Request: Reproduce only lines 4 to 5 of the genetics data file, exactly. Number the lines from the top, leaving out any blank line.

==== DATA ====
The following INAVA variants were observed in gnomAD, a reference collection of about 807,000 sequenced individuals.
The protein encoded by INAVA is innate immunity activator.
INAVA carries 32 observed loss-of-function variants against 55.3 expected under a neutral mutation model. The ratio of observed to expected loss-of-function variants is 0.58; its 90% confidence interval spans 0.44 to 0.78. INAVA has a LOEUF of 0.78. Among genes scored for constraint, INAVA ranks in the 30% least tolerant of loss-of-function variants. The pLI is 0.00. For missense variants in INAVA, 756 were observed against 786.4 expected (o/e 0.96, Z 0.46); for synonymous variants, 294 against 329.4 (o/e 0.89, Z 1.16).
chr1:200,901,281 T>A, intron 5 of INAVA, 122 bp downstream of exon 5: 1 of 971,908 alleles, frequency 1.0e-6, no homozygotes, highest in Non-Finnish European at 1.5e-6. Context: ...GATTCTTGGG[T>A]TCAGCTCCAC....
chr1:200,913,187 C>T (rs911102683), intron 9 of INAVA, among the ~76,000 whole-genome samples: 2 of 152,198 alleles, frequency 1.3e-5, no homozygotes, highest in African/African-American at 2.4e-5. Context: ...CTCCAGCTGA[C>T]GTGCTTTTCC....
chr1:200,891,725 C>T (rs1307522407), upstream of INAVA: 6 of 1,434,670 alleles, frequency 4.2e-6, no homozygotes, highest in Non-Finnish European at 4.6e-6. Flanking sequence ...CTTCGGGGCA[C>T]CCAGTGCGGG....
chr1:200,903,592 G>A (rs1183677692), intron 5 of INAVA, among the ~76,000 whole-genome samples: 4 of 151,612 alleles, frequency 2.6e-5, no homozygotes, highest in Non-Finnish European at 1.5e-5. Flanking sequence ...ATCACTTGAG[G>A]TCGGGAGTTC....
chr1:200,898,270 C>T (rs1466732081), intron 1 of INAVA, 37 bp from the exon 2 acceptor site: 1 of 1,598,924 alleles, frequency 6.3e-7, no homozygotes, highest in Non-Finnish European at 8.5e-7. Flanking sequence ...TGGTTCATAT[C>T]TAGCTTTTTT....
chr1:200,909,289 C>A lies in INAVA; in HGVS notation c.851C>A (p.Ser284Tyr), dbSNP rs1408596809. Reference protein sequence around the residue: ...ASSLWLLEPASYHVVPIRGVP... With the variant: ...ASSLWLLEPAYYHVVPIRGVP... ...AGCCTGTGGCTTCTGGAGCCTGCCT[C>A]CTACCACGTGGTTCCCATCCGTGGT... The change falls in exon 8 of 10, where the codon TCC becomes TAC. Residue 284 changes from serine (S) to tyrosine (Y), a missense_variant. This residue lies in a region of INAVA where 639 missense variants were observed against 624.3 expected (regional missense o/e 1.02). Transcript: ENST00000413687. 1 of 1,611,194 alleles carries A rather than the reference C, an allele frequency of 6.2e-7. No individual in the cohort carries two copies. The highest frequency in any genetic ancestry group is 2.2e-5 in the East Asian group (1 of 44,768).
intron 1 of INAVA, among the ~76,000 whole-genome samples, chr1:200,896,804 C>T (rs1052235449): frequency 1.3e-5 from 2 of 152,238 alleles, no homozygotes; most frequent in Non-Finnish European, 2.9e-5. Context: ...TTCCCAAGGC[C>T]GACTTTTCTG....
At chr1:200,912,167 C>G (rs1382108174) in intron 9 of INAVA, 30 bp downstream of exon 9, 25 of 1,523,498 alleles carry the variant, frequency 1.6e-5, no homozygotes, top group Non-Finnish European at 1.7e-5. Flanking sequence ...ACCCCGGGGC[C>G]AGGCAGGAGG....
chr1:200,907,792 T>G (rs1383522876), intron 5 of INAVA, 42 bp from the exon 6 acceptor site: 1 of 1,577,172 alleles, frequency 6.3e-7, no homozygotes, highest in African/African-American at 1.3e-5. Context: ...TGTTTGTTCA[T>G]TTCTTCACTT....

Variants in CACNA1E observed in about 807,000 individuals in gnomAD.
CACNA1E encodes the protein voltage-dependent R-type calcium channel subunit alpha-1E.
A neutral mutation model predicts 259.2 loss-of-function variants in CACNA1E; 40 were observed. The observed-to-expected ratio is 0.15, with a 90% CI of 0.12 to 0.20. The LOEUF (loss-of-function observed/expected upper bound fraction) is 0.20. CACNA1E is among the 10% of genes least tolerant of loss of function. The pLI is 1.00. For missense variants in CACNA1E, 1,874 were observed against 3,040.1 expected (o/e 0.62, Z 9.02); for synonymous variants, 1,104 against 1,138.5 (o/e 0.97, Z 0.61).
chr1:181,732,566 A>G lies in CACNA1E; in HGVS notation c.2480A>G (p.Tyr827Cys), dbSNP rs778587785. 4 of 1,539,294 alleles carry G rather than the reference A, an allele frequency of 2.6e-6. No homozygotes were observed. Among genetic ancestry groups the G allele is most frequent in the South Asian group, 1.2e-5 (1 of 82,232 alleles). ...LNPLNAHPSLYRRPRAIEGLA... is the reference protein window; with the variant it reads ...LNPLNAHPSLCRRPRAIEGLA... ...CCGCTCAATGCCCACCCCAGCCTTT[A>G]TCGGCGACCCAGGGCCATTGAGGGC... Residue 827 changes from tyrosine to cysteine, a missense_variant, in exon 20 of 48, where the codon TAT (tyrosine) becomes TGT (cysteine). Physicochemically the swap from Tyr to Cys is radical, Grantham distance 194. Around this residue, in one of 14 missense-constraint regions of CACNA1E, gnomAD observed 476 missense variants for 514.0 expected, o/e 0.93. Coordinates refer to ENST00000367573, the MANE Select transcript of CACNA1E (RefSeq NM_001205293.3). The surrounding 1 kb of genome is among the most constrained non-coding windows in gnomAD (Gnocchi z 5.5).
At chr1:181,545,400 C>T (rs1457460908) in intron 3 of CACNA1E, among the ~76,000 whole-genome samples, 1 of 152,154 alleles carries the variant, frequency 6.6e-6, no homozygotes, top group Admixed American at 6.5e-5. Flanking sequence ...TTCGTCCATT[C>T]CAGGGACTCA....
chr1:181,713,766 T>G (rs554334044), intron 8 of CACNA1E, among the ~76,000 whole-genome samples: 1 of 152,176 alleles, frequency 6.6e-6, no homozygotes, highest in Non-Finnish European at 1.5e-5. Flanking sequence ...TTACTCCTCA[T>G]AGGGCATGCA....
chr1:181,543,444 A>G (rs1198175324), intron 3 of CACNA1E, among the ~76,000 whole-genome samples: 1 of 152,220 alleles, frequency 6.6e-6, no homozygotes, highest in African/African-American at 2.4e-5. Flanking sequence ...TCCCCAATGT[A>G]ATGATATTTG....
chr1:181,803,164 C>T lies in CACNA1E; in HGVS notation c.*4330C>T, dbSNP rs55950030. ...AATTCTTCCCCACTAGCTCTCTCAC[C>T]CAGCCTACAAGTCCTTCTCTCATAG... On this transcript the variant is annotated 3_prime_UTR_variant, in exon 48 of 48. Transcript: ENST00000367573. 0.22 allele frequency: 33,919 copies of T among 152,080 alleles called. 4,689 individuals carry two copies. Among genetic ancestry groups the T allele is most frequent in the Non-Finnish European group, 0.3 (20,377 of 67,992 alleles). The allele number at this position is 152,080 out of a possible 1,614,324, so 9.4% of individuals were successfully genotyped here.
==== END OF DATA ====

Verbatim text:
chr1:200,901,281 T>A, intron 5 of INAVA, 122 bp downstream of exon 5: 1 of 971,908 alleles, frequency 1.0e-6, no homozygotes, highest in Non-Finnish European at 1.5e-6. Context: ...GATTCTTGGG[T>A]TCAGCTCCAC....
chr1:200,913,187 C>T (rs911102683), intron 9 of INAVA, among the ~76,000 whole-genome samples: 2 of 152,198 alleles, frequency 1.3e-5, no homozygotes, highest in African/African-American at 2.4e-5. Context: ...CTCCAGCTGA[C>T]GTGCTTTTCC....